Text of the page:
10 Unusual Demands Made By Wrestlers

To think, Vince McMahon almost had an MCU of his very own...

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work as a top star in both Japan and the U.S, harkening back to the days of true independence last enjoyed by the likes of Vader.

If an AEW wrestler wanted to work the unregulated freedom an indie afforded, they could. If they wanted to pack it in for a while and do business for Dragon Gate, they could, knowing their value was coveted.

Things are looking decidedly more bleak now. AEW is full or very close to it, Impact is barely a proving ground much less a destination, ROH is dead, it's hard to travel to Japan, WWE only wants premium college athletes whose ignorance of the craft is a preference (!).

Imagine reading "Less experience than industry professionals is essential" on literally any other job application.

Consider this list a throwback to the days when the North American pro wrestler wasn't told to like it or f*cking lump it...

10. Scott Steiner Gets Out Of A Drug Test

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Scott Steiner by the early 2000s was an incredibly muscled specimen. Not to bury the man or anything - his '90s work is sublime, and he's capable of smashing in the faces of his critics - but he took the '80s route to stardom a good decade too late. He evolved into Superstar Billy Graham with problematic patter just as Graham's disciple Hulk Hogan exited the fashion cycle.

His quest for a monster of a physique limited his explosive physicality, and while his promo game was still a riot, it was difficult to understand what he was on about half the time. He entered WWE in late 2002, at which point the...process behind his physique was questioned by management.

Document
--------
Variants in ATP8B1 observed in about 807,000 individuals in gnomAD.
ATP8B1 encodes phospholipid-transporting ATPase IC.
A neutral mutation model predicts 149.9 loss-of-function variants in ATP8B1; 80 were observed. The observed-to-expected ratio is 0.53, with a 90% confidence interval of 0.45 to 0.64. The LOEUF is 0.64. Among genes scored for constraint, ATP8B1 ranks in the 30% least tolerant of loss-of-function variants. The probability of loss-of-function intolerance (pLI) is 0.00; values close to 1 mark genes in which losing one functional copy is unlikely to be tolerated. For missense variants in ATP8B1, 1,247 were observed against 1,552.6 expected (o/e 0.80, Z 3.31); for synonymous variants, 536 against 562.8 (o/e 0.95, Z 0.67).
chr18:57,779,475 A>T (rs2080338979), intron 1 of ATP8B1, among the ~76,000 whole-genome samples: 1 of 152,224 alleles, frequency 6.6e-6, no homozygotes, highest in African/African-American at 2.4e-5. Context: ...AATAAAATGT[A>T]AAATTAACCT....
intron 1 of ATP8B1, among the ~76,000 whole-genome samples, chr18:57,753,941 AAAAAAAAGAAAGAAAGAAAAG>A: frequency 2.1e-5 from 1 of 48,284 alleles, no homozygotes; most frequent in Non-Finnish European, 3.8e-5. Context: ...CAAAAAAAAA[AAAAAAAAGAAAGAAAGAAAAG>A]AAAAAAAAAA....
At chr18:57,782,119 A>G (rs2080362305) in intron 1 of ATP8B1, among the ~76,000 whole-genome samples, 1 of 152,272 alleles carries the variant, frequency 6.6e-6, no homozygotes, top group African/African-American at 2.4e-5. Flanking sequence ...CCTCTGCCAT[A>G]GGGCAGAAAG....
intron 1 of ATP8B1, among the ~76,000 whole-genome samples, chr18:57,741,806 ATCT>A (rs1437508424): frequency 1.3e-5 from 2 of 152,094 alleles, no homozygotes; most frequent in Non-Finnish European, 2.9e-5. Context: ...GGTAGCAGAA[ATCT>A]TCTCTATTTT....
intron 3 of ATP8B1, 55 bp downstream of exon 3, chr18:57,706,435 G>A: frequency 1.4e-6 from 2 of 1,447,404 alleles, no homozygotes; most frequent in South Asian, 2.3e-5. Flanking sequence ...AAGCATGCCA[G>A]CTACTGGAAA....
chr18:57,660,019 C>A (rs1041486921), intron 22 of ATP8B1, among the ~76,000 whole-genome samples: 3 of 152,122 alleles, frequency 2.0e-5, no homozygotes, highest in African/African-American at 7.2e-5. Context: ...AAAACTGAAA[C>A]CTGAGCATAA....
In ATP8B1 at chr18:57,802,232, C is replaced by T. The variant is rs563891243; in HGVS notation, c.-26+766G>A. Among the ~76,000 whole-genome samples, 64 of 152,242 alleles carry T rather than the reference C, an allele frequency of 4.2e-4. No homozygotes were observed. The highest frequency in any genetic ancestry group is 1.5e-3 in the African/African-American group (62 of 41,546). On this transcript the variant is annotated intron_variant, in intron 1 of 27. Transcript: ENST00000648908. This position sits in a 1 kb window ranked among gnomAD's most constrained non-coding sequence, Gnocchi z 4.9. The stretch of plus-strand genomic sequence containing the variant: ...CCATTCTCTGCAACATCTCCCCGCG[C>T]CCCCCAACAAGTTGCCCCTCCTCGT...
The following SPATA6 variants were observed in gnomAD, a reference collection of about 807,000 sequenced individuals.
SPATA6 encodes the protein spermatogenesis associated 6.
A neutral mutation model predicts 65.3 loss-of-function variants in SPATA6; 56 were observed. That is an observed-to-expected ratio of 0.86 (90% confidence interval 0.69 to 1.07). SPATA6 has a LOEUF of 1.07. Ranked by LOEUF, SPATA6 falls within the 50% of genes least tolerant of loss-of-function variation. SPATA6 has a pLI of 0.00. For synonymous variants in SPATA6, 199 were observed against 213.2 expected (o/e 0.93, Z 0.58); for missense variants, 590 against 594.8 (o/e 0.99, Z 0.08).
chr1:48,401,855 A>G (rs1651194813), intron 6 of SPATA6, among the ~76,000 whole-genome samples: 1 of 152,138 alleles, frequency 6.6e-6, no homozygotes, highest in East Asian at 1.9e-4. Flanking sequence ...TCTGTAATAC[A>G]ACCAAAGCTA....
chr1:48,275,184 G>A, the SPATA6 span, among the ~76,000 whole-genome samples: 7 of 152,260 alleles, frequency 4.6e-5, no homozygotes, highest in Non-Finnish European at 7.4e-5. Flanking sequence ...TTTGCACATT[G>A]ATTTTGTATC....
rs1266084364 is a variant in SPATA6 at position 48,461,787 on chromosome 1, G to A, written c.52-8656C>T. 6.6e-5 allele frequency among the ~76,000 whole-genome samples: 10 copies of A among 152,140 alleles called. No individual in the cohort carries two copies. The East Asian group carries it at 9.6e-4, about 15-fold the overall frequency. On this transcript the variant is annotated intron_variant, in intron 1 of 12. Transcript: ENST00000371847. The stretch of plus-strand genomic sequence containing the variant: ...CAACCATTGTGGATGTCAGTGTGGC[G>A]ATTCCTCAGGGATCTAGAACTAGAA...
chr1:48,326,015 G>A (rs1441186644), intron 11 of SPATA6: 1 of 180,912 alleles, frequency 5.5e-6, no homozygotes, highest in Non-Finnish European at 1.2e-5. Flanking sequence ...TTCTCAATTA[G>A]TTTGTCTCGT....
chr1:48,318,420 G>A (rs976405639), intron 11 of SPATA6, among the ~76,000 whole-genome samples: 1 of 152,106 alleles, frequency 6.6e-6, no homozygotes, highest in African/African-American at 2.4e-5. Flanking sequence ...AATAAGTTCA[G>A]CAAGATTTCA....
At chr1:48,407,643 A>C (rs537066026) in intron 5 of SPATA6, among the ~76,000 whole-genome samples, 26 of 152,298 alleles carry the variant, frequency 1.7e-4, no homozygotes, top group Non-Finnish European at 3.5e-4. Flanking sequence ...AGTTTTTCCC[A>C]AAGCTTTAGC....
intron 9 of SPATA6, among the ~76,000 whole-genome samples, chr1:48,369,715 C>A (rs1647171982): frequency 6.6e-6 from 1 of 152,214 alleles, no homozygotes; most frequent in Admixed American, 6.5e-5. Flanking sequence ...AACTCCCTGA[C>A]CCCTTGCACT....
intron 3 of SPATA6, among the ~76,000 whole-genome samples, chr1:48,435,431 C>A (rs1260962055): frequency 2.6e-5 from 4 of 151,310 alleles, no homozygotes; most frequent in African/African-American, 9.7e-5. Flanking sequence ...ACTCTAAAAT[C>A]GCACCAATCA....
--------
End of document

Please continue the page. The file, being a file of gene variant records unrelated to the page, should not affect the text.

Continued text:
Proving that he wasn't quite as daft as he looked, Steiner per his own account avoided scrutiny by making an unusual demand. He was happy to take a piss test and prove that his body was all natural...

...provided that Triple H do the exact same thing alongside him.

Steiner claims that he was not asked to undergo testing subsequently, from which we can only infer that Triple H was simply too busy juggling the responsibilities of in-ring action and his informal creative role.


Michael Sidgwick is an editor, writer and podcaster for WhatCulture Wrestling. With over seven years of experience in wrestling analysis, Michael was published in the influential institution that was Power Slam magazine, and specialises in providing insights into All Elite Wrestling - so much so that he wrote a book about the subject. You can order Becoming All Elite: The Rise Of AEW on Amazon. Possessing a deep knowledge also of WWE, WCW, ECW and New Japan Pro Wrestling, Michael’s work has been publicly praised by former AEW World Champions Kenny Omega and MJF, and current Undisputed WWE Champion Cody Rhodes. When he isn’t putting your finger on why things are the way they are in the endlessly fascinating world of professional wrestling, Michael wraps his own around a hand grinder to explore the world of specialty coffee. Follow Michael on X (formerly known as Twitter) @MSidgwick for more!